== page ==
A Lexical Exam for Students of Spanish as Second Language Classes (L2) at the College level: A Pilot Study
Yesenia Chávez

The lexical knowledge of students of Spanish is related with the global knowledge of language of students in Spanish and in English (Chávez, 2017a forthcoming; Fairclough, 2009; Rodrigo, 2009) as well as with reading comprehension (Velásquez, 2015). Other researchers have also proposed that Spanish instructors should use more time in class teaching vocabulary based on the student’s level of knowledge (Fairclough & Belpoliti, 2015; Waldvogel, 2016). In the present study, we analyze the lexical knowledge of students of Spanish as second language classes (L2) at the college level. It is based in the lexical threshold theory. The instruments are a lexical multiple choice exam, a cloze test activity and a survey for the instructor. Its methodology follows Chávez (2017a forthcoming), Fairclough and Ramirez (2009) and Rodrigo (2009). This study follows the recommendations of the doctoral dissertation in Chávez (2017a forthcoming) and it is done as a pilot study. The results demonstrate a positive Pearson correlation between the lexical exam and the cloze test activity of r=.762. They also show a varied lexical knowledge of the participants as found in previous studies (Velásquez, 2015; Fairclough, 2013; Fairclough & Ramírez, 2009) and a lower level of lexical knowledge when compared to students of heritage languages classes1 (HL) (Chávez, 2017a forthcoming).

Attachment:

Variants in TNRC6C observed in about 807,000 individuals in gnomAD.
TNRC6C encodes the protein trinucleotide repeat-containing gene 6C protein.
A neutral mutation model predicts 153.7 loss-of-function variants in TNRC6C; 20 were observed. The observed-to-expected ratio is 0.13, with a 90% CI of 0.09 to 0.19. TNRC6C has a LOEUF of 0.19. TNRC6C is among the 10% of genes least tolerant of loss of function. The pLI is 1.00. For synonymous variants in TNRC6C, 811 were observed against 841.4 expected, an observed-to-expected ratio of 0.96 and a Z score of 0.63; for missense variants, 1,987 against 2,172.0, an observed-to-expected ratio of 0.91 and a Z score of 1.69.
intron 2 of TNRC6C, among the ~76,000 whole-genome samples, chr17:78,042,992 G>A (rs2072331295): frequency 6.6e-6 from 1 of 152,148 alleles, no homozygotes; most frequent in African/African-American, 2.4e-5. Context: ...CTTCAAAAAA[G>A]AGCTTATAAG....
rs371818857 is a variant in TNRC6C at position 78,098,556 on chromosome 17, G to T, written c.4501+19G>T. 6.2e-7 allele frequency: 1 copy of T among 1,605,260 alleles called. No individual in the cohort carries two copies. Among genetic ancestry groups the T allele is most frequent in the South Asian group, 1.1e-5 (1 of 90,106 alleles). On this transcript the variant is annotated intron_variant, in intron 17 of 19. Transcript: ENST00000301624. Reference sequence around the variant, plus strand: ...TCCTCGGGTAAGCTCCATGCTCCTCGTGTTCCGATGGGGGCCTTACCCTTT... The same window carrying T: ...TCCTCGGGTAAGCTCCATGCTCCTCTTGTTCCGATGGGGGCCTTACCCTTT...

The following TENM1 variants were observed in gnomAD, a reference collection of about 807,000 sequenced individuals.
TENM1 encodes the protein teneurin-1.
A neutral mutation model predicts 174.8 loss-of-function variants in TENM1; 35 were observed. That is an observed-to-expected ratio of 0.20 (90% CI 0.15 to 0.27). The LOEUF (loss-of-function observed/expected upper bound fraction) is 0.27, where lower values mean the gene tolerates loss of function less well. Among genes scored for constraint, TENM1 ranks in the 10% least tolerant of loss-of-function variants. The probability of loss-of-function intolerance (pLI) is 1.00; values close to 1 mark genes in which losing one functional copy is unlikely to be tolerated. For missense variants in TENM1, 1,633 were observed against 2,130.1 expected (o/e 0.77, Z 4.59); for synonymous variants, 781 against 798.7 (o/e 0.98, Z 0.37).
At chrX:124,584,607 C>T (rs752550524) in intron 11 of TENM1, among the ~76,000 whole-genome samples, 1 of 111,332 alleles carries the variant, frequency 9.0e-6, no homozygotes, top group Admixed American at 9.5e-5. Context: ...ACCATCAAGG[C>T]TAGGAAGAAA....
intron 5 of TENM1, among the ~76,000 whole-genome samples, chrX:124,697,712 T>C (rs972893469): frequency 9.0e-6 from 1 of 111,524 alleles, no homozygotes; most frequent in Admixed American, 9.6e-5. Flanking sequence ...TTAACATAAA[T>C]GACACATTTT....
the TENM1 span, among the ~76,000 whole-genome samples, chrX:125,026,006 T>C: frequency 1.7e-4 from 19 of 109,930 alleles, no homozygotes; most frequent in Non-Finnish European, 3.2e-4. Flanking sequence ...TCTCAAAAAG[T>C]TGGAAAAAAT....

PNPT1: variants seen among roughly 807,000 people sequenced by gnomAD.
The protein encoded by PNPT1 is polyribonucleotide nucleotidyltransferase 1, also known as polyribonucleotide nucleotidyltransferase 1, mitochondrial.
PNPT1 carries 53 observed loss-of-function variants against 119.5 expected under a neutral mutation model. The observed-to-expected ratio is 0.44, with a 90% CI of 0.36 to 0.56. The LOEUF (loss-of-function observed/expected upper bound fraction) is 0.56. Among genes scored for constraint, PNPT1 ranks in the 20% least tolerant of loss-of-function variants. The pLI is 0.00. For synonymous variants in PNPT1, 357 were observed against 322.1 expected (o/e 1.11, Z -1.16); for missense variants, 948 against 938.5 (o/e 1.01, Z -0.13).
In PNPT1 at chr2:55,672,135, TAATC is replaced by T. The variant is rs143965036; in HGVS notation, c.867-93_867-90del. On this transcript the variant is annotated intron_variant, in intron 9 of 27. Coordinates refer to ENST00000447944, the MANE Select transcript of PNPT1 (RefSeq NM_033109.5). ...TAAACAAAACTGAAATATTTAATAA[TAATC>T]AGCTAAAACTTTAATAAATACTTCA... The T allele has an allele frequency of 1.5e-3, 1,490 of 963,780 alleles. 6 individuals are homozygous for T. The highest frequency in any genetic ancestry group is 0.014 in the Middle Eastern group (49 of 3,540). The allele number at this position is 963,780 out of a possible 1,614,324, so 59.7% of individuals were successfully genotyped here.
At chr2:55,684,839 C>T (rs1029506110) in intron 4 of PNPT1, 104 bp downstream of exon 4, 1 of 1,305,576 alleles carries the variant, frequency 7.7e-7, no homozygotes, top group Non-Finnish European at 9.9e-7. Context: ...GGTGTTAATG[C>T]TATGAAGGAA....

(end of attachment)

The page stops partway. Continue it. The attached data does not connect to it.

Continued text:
Full Text: PDF     DOI: 10.15640/jflcc.v5n1a1